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it. If, after studying each case, Monroy does not believe in the apparitions at Fatima or those at Lourdes, which are close in time to our own day and age, and are thus easily ascertained, then, logically enough, he is even less likely to believe in King Saul's vision of Samuel, even though he may claim to do so in his book. And I only say this because I believe Mr. Monroy to be capable of normal, sensible thought.
The "Myth" of the Assumption
5. — Let us see what he has to say about St. Joseph and Our Blessed Mother.
"Tradition tells us that St. Joseph died in Jerusalem and the Blessed Virgin in Ephesus. According to the Catholic Church, the Virgin ascended body and soul into heaven immediately after her death. But the Bible makes no mention at all of this assumption . . ."* Thence, he deduces that it is all an invention on the part of the Catholic Church, inspired by a certain pagan ceremony with lanterns and candles, practised by the Chinese "in honor of a mother who was rescued by her son from the power of death and the grave, this ceremony having been held in China from time immemorial."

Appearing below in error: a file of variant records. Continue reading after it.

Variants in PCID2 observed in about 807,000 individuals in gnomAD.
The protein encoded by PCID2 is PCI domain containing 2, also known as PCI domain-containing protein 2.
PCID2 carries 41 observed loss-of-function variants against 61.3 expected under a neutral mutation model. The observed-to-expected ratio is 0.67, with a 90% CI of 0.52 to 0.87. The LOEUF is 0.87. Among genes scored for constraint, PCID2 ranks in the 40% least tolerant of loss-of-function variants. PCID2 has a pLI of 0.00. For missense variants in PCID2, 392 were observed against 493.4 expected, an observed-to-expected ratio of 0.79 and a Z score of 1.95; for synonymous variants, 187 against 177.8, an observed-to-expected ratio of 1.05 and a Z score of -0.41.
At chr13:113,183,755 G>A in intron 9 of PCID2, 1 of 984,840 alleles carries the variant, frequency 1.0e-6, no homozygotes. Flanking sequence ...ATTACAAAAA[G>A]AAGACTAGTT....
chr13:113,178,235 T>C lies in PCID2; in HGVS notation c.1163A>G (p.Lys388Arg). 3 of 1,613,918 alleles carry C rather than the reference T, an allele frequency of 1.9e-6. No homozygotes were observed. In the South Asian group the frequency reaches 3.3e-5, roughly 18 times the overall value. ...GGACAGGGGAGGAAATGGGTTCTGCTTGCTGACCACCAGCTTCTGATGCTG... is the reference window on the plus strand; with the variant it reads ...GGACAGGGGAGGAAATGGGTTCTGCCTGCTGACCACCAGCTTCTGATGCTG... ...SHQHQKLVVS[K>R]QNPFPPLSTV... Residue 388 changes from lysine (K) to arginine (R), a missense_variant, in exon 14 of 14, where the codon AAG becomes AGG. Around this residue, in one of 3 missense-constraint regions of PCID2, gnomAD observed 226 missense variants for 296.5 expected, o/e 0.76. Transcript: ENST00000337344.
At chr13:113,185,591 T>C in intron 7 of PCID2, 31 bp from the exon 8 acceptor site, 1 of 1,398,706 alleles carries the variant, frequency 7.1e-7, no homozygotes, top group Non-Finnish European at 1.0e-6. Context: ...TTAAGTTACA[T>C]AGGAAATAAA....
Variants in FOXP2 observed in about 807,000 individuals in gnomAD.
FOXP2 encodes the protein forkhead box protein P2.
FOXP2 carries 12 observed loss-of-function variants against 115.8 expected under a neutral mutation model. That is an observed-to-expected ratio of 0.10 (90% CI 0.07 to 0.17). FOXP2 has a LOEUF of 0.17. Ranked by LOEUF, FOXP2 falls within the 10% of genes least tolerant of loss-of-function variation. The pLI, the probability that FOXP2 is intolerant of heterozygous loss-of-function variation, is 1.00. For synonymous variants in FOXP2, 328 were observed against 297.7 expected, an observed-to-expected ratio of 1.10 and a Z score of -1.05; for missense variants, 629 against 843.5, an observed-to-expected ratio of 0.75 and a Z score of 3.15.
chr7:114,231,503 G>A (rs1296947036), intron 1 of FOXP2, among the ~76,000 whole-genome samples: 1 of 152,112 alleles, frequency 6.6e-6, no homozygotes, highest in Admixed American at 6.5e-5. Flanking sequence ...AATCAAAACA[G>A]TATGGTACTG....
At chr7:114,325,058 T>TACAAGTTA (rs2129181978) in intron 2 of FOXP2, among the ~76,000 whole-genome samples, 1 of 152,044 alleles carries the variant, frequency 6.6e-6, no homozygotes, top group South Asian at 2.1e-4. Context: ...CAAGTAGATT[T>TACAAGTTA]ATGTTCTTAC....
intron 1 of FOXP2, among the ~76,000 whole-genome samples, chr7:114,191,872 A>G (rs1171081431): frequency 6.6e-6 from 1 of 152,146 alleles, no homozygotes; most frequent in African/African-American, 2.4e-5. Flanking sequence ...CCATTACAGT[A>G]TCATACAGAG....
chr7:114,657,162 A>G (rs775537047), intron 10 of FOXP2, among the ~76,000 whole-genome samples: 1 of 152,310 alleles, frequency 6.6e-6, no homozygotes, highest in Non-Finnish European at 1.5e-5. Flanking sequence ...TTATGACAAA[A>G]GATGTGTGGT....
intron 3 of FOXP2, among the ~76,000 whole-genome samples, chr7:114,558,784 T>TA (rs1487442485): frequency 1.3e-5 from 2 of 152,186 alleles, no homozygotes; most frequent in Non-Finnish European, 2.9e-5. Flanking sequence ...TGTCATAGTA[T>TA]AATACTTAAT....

Monroy is of the opinion that the Assumption of Our Blessed Mother into heaven is a tall story. "Mary and Joseph died, just as everyone else that is born has to die. In the presence of many witnesses, Mary was embalmed and buried. And nobody leaves the grave unless Christ commands it." He clarifies still further. "The bodies of these two saints were laid to rest in their tombs to await the glorious day of the Resurrection when, at a fanfare of God's celestial trumpets, the Lord Jesus will descend from heaven, and those who have died in Christ will rise again from the dead. Among those dead will be Mary and Joseph who, of course, are now enjoying the divine presence in that place of bliss which the Bible at one point calls Paradise, and at another point, Abraham's bosom."** And after this disclosure and concession by a man who is fully informed of all that goes on by reason of his profession as the editor of "La Verdad", the Christian reader sighs with relief, murmuring "Well! I'm glad to hear it!"